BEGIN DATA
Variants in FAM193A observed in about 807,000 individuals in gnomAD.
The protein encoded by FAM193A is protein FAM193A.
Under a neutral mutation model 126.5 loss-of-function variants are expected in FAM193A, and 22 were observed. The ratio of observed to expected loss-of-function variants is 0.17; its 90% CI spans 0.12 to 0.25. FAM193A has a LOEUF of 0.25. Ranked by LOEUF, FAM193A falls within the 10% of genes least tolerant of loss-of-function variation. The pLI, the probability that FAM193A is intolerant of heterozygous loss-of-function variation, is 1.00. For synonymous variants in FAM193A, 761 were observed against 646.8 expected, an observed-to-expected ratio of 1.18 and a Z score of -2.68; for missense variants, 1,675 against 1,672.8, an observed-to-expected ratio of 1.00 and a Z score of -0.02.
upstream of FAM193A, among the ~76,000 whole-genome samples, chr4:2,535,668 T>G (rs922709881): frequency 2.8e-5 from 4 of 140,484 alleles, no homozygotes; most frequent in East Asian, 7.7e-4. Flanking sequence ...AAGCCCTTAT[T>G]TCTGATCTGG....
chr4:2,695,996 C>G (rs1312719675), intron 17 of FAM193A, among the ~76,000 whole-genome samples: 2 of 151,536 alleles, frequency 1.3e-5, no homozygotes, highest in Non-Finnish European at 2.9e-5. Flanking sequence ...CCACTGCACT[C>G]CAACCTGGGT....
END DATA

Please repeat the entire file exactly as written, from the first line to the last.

Variants in FAM193A observed in about 807,000 individuals in gnomAD.
The protein encoded by FAM193A is protein FAM193A.
Under a neutral mutation model 126.5 loss-of-function variants are expected in FAM193A, and 22 were observed. The ratio of observed to expected loss-of-function variants is 0.17; its 90% CI spans 0.12 to 0.25. FAM193A has a LOEUF of 0.25. Ranked by LOEUF, FAM193A falls within the 10% of genes least tolerant of loss-of-function variation. The pLI, the probability that FAM193A is intolerant of heterozygous loss-of-function variation, is 1.00. For synonymous variants in FAM193A, 761 were observed against 646.8 expected, an observed-to-expected ratio of 1.18 and a Z score of -2.68; for missense variants, 1,675 against 1,672.8, an observed-to-expected ratio of 1.00 and a Z score of -0.02.
upstream of FAM193A, among the ~76,000 whole-genome samples, chr4:2,535,668 T>G (rs922709881): frequency 2.8e-5 from 4 of 140,484 alleles, no homozygotes; most frequent in East Asian, 7.7e-4. Flanking sequence ...AAGCCCTTAT[T>G]TCTGATCTGG....
chr4:2,695,996 C>G (rs1312719675), intron 17 of FAM193A, among the ~76,000 whole-genome samples: 2 of 151,536 alleles, frequency 1.3e-5, no homozygotes, highest in Non-Finnish European at 2.9e-5. Flanking sequence ...CCACTGCACT[C>G]CAACCTGGGT....